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Riot : Police arrest 80 UNN students

By  Tony Edike

ENUGU—OVER 80 persons, including students and youths believed to have participated in Saturday’s violent protest by students of the University of Nigeria, Nsukka, UNN),  have been arrested by the police.

The mass arrest by the police,  which commenced since Sunday has increased tension in the town, as some of the aggrieved students, who have refused to vacate their hostels in defiance of the management’s directive, have continued to threaten fresh violence over the alleged 150 percent increase in all the fees payable in the university.

The students are also angry with the action of the security operatives deployed to the school, who they accuse of being highhanded in dealing with the students.

Meanwhile, Vice Chancellor of the university, Professor Bartholomew Okolo, has alleged that the violent protest by students, which led to the destruction of property worth millions of naira was sponsored by those he described as “miscreant staff of the institution.”

Okolo specifically fingered some academic staff, who he said contested the position of Vice Chancellor with him at the expiration of the tenure of the former Vice Chancellor, Professor Chinedu Nebo last year and exonerated the Students’ Union Government, SUG, executive as masterminds of the mayhem.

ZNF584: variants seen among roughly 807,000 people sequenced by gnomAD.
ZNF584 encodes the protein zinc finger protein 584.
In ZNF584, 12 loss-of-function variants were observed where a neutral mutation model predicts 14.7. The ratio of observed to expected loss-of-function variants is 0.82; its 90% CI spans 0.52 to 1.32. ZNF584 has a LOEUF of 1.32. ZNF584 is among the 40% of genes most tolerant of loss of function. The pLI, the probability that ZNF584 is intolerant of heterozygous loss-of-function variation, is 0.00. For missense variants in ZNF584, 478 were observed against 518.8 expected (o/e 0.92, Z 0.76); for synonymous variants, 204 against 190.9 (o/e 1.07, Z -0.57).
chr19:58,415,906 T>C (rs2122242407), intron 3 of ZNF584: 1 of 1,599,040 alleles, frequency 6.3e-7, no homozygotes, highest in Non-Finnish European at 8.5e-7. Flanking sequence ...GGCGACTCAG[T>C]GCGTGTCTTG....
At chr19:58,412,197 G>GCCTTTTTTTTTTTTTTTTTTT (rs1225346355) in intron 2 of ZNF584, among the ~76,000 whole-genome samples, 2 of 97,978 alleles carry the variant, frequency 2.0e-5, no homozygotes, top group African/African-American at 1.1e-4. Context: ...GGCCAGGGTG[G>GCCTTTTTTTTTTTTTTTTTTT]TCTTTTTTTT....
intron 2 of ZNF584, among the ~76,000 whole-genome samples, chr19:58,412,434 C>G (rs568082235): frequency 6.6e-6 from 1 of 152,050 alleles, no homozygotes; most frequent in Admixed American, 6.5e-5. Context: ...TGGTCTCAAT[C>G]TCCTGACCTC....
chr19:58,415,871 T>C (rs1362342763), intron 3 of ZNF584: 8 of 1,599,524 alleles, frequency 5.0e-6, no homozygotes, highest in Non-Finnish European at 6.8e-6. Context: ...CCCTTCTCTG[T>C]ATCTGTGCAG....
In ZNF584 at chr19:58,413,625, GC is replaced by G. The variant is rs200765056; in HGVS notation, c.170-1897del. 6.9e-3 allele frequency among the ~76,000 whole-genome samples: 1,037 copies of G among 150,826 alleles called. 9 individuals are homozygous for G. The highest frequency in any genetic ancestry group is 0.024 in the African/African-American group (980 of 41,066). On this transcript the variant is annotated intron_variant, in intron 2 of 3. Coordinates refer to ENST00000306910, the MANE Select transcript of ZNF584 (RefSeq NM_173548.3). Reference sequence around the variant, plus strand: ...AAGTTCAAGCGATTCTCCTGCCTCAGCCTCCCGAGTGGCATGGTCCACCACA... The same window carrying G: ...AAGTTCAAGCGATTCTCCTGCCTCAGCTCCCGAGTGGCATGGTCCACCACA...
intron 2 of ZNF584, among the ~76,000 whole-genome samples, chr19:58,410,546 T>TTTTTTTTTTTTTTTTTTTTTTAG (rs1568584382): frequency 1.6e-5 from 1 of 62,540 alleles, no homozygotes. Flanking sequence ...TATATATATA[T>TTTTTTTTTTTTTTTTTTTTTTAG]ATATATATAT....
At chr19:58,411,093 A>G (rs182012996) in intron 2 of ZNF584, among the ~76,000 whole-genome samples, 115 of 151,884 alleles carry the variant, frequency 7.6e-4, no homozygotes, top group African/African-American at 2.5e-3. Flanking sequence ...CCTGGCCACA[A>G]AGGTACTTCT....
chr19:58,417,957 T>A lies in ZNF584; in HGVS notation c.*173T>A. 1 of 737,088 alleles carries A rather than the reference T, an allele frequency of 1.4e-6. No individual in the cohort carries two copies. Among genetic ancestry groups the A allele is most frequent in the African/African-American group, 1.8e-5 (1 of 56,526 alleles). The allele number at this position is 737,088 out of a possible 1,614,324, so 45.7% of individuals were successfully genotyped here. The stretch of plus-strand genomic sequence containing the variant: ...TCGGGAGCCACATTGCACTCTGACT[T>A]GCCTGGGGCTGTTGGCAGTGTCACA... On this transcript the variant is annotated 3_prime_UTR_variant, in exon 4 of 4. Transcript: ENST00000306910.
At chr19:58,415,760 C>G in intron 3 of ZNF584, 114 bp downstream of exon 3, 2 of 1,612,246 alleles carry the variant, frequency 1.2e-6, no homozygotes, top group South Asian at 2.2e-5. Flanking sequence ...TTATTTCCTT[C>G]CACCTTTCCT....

In his official reaction to the incident, the Vice Chancellor dismissed the allegation that the school authorities announced a new fee regime, which reportedly sparked off the protest, noting   “we have neither contemplated increasing any fee, be it tuition fee, accommodation fee or convocation fee.”

Also reacting to the ugly incident, Chairman of the Senate Committee on Information and Media and Senator representing Enugu North (Nsukka Zone) in the Senate, Senator Ayogu Eze condemned the violent demonstration carried out by the students, accusing the Vice Chancellor of complicity in the entire episode.

In a statement issued in Enugu, the Senator called on the Committee on Education in both the Senate and House of Representatives to conduct full hearing on the matter, saying that having studied the “sad development,” he had discovered that the management of the university has a lot of questions to answer.


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